Because of that "ten" (Japanese for exhibition), this week's ToM is zooming on in our favorite
1. "Hoshi wo Katta Hi", a.k.a. "The Day I Harvested a Star"
Hoshi wo Katta Hi, also known as The Day I Harvested a Star, is a lovely animation and... it comes with a superb soundtrack by Hisaishi Joe. As a personal favorite, this work started screening in January of 2006. Direction wasn't done by Miyazaki Hayao, but by Ai Kagawa, who also was key animator on Nausicaa of the Valley of the Wind, Only Yesterday, My Neighbors the Yamadas, Howl's Moving Castle and was main animation director under
2. "Yadosagashi", a.k.a. "House Hunting"
This Ghibli short is about a girl who goes on a trip to look for a new house. Where it receives two thumbs up is for its (for Ghibli) experimental execution. Rich Japanese expressions such as "zah" and "zo zo zo" were used to visualize the sounds and atmosphere by animating them on screen as well. Really funny and witty. Like
3. "Mei to Konekobasu", a.k.a. "Mei and the Kittenbus"
Luckily, Studio Ghibli isn't particularly your sequel plant. Indeed, Whisper of the Heart and The Cat Returns are very loosely connected. And then there's the closest thing you'll ever come to a Ghibli sequel: Mei to Konekobasu. But that truly is all of it.
Mei to Konekobasu's original story, screenplay and direction were done by Miyazaki Hayao. Its soundtrack came from the musical mastermind of Hisaishi Joe who composed two new pieces for this short. Furthermore, animation direction was handled by Maikiko Futaki, Sachiko Sugino and Hiromasa Yonebayashi. The last one of that trio deserves a special mention as Yonebayashi is to make his directing debut with Ghibli's latest full length feature Karigurashi no Arrietty which is to be released this summer.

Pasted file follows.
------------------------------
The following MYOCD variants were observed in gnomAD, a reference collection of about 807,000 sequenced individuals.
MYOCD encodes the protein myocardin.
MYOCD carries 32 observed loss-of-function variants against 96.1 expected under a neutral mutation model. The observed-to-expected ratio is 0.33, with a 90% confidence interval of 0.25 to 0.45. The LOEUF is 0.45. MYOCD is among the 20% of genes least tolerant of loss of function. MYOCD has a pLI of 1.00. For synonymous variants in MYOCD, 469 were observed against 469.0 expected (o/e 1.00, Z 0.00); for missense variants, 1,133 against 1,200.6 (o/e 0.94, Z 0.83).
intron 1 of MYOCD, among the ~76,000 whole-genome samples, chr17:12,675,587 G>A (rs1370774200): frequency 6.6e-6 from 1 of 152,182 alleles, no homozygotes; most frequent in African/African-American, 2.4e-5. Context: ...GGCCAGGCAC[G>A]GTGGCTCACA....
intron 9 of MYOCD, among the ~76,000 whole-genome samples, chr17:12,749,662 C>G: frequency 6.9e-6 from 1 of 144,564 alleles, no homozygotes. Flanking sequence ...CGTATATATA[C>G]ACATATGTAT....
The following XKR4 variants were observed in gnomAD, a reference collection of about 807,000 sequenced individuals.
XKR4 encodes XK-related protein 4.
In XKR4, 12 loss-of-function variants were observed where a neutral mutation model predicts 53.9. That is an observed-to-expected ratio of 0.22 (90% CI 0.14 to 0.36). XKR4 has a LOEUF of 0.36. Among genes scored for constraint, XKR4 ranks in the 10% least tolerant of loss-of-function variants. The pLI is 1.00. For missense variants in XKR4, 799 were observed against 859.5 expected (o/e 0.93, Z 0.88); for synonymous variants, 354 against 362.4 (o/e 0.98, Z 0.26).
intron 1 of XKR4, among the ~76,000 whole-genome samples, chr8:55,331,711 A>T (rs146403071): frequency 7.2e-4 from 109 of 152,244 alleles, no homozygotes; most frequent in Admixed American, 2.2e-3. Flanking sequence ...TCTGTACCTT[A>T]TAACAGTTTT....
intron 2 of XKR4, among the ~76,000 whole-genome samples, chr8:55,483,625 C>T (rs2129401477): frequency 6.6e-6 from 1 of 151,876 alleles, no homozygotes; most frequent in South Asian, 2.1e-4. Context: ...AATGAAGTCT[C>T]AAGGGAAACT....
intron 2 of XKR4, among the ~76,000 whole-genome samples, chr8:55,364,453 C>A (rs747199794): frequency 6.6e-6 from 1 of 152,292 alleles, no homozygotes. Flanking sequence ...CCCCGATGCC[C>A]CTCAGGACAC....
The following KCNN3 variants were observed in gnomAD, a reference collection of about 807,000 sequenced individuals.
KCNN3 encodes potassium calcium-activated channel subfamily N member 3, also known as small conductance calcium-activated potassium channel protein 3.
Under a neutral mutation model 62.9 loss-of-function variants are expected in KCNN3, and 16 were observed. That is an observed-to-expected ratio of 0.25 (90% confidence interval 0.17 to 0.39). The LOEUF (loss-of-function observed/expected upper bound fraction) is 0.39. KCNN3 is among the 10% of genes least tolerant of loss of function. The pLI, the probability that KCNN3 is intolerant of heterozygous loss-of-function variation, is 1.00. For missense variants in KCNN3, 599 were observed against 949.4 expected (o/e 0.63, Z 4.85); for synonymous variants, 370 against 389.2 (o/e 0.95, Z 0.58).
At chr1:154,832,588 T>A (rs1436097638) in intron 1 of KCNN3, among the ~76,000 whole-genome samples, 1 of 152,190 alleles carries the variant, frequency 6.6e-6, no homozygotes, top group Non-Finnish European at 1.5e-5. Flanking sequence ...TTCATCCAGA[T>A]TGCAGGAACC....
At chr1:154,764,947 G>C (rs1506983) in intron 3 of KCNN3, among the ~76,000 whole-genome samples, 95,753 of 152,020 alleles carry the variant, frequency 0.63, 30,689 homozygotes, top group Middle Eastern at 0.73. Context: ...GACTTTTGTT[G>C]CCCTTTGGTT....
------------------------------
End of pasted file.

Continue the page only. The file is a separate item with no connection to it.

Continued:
Storywise this short is very simple, but the animation is breathtaking. What particularly comes to mind is one of the first scenes during which Mei becomes friends with the baby cat bus by offering it a caramel. The animation of the little baby catbus going beserk while being trapped in Mei's room and enjoying Mei's treat is definitely a highlight. Later on the two go off to the forest at night where spooky ghosts gather and many mysterious creatures appear in the world where Totoro and the catbus live. Worth noting is that Hayao Miyazaki did one of the voices during that scene (guess who? > check the picture).
4. "Mizugumo Monmon", a.k.a. "Monmon the Water Spider"
Some of the trials Studio Ghibli had during the production of their museum shorts made it possible for them to make Ponyo without CG. Koro no Daisanpo brought it the picture book style backgrounds (the warm and nostalgic style painted by Yoshida Noboru was first accepted in that movie). Yadosagashi gave it the typical depiction of trees, grasses and winds which were drawn using Sakuga. Hoshi wo Katta Hi gave them its three-dimensional depiction without using CG mapping. And what about Mizugumo Monmon? That short gave Ponyo something unmissable: its detailed depiction of water.
The story basically is a love adventure of a water spider who drags a bubble of air underwater to make a nest and then meets a water spider. It beautifully portrays life in the pond in which they live such as enormous crawfish, fish and small water flea and these lovely images are backed up with a nice happy, folkloristic sounding soundtrack using lots of violins.
The studio used 30,000 cels to make Mizugumo Monmon. The amount of cels is of such a high quantity, because it took a lot of cels to depict bubbles and the rippling of water. It is something that was also reflected in the costs of this production. Making short films is definitely not commercial, but that's where
5. "Chuu-Zumo", a.k.a. "A Sumo Wrestler's Tail"
Released this January, this short is Studio Ghibli's latest addition to their collection of museum shorts. Its scenario was made by
All in all, this ToM wasn't much of an in-depth analysis of the Ghibli shorts. That's not what this is about, as it would just spoil the fun. These little great pieces of animation are more about the experience, creativity, mood and atmosphere, so forget about mind blowing storylines and engaging character development. All young and old will certainly enjoy sitting front row in